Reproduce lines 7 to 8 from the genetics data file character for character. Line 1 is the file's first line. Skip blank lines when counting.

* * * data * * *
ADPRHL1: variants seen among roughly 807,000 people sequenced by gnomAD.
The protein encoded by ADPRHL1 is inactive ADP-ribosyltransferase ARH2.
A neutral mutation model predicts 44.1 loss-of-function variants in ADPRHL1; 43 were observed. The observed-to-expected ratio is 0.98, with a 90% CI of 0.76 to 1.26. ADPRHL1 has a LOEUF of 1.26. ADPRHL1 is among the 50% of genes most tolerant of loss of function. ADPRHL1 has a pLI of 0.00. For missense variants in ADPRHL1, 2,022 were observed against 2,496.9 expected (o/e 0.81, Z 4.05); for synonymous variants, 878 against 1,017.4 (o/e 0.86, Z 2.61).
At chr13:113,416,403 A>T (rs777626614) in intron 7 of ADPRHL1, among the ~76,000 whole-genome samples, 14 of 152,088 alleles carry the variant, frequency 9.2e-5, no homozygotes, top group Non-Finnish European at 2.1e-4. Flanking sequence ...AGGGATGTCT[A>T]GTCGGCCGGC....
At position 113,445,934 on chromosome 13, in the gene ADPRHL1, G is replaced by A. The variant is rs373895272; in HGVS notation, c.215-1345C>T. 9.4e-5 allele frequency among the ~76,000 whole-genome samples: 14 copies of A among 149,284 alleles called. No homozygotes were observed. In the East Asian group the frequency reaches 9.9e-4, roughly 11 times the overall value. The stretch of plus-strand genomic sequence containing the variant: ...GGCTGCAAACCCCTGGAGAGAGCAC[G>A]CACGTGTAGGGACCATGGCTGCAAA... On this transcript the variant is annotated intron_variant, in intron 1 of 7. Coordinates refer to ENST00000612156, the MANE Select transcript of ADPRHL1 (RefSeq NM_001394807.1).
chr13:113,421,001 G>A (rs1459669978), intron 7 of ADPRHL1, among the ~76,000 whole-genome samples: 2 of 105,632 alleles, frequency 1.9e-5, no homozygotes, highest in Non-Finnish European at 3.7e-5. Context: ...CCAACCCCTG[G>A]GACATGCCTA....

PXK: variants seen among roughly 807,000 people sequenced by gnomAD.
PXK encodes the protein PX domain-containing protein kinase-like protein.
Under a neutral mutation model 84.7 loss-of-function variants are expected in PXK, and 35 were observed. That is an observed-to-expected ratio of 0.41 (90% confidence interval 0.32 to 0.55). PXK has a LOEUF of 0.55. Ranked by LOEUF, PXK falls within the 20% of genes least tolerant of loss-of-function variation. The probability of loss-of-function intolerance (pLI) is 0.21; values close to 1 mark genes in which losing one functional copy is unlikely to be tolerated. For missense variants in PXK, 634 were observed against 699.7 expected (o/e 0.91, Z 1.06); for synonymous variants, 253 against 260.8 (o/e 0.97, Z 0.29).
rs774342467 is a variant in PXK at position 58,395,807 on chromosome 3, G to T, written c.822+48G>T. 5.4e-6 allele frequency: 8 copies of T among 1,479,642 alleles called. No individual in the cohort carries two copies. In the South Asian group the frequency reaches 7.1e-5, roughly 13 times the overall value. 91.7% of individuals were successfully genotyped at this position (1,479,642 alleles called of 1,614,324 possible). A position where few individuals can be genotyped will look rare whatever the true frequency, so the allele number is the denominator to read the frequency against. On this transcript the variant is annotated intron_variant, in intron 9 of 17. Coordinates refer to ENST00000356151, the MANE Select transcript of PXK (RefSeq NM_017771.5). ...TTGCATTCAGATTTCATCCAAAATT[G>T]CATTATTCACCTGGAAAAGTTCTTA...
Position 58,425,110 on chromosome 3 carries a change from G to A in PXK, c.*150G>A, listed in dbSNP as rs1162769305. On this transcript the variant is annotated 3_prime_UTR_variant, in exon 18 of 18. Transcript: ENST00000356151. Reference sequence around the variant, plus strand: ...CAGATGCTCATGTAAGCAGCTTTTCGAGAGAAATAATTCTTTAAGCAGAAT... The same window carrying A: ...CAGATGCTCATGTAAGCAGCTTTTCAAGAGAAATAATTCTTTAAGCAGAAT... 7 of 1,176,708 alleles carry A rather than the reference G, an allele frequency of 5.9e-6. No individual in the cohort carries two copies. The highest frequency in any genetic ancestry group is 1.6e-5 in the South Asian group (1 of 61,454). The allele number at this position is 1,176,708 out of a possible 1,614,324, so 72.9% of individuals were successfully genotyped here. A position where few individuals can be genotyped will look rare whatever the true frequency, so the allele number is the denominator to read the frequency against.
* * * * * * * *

PXK: variants seen among roughly 807,000 people sequenced by gnomAD.
PXK encodes the protein PX domain-containing protein kinase-like protein.